Price is what you pay, value is what you get | Inquirer Business
Money Matters

Price is what you pay, value is what you get

/ 04:01 AM June 03, 2020

One of the famous sayings of Warren Buffett teaches us that in investing, pricing a stock is not the same as valuing that stock.

For years, investors have been using the price-to-earnings (PE) multiple as a tool to gauge whether a stock is undervalued or overvalued.


A stock may be considered cheap if its PE ratio is lower than the market average, while if it trades at a high PE ratio, the stock may be deemed expensive. Very often, it is also a common practice among stock analysts and brokers to price similar stocks with comparable PE ratios.

For example, if the PE ratio of Megaworld is 4.6 times and Ayala Land’s PE ratio is 14.4 times, we can say that by relative pricing, Megaworld is a bargain at 68 percent discount to Ayala Land’s earnings multiple. By computing for the PE ratio of a stock, one can quickly assess if a stock is worth buying or not by simply comparing it to the market or with another similar company.


However, if we are looking to compute for the intrinsic value of a company, it is not safe to use PE ratios as a measure of value for two reasons.

First, PE ratios do not account for long-term growth. PE ratios normally are computed based on a previous 12-month earnings.

For example, during this time of crisis when share prices are depressed against earnings last year, PE ratios do not reflect the recessionary effect on future earnings.

Some stocks may not necessarily be cheap just because they trade with low PE ratios. The fact that share prices are low may signal that something is wrong with the company.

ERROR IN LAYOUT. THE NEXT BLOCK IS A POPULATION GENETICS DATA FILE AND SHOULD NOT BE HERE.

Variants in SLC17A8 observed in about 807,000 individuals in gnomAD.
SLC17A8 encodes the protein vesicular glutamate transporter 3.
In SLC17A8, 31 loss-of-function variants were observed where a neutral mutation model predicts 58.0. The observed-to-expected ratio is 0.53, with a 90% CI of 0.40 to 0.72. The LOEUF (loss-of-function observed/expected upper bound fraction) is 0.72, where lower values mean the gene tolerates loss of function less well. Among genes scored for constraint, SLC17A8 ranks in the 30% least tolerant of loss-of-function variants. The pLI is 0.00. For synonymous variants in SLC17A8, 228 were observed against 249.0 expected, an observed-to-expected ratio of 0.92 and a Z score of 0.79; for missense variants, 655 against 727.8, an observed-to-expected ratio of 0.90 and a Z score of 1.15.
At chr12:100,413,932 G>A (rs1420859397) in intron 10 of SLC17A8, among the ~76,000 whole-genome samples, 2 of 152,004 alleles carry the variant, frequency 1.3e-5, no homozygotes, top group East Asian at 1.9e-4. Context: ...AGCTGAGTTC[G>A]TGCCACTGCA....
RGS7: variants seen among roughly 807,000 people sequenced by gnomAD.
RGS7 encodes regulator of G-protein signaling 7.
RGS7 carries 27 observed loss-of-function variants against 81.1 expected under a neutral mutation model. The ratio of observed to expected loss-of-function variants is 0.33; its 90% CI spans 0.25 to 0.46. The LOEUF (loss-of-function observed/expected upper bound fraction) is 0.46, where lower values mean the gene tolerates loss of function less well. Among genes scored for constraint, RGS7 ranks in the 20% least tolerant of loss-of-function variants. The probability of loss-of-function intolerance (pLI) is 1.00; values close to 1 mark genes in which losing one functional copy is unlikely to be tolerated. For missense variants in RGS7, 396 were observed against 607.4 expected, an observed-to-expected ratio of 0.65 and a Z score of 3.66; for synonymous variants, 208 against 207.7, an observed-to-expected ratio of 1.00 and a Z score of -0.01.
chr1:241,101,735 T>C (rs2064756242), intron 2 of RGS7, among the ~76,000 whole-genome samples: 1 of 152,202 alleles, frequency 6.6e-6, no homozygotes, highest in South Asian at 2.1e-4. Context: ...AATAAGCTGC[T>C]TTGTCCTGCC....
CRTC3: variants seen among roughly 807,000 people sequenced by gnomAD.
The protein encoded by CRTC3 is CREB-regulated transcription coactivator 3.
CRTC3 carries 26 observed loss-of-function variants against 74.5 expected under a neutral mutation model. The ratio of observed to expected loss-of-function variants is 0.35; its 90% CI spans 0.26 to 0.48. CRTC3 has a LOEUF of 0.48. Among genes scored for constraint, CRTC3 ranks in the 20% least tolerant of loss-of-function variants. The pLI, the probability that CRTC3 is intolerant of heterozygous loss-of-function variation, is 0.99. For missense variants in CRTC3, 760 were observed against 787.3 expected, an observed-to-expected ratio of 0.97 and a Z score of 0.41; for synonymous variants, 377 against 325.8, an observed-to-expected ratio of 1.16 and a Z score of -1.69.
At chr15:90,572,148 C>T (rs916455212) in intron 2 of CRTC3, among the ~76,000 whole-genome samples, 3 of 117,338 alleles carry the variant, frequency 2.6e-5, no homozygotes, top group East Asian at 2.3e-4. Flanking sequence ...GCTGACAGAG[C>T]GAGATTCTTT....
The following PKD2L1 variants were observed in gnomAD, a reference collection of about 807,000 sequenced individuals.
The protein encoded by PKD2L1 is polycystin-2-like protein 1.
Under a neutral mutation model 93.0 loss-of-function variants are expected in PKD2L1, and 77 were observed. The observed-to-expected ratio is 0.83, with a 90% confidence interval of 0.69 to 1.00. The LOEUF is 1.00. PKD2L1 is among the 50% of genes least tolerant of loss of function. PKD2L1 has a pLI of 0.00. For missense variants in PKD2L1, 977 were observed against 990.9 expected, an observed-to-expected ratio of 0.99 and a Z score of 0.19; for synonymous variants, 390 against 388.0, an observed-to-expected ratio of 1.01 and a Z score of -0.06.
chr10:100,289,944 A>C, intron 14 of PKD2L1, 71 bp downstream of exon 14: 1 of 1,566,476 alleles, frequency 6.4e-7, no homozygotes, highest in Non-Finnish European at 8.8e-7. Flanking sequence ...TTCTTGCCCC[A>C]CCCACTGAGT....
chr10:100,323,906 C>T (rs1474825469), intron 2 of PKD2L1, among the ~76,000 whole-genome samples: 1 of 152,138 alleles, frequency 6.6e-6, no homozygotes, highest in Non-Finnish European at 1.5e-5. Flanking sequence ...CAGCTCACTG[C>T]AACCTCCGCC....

In the same token, there are stocks with high PE ratios that are not expensive. Rising share price may indicate that there is a strong demand for the stock because of high market growth expectations.

Second, PE ratios do not reflect the risks of the company. For example, JG Summit and San Miguel Corp. have similar PE ratios of 11 times but they differ on their capital structure.

San Miguel has more aggressive debt-to-equity ratio of 3.7 compared to JG Summit, which has lower ratio of 1.7. The different leveraging strategies reflect the amount of risks taken by the two companies, which are not reflected in their PE ratios. Remember that the value of stock is the present value of its expected earnings. The value that we want to get must be higher than the price we pay. The higher the value over the price, the larger the margin of safety.There are two key drivers that determine the intrinsic value of a stock, the risk and growth of a company. To get high valuation, we need to find stocks to have high growth and low risk.


But in this kind of market environment, we will probably find stocks mostly with low growth and high risk that have intrinsic values lower than their share prices, making them overvalued at current PE ratios.

To value a stock with risk and growth, we can simply discount the expected earnings representing as free cash flow to equity by the difference of a company’s risk, which is its cost of equity and growth.

For example, if we look at the pricing of the upcoming initial public offering of MerryMart, we can estimate a forward PE ratio of 40 times, which may be perceived expensive in the market.

But if we compute for its intrinsic value, the stock’s value can come out reasonable depending on the growth we assume.

Given the 10-year bond yield at 3.2 percent, we can estimate the stock’s cost of equity at 5.14 percent. Using this rate with assumed long-term growth of only 3 percent, we can estimate the stock’s value at P1.14 per share.

If we raise the growth to 4 percent, given its ambitious expansion, the stock could be valued at P2.15 per share.

PE ratios may be helpful in picking stocks by market comparison, but to know a stock’s inherent worth, one must know its fundamentals that drive its value. INQ

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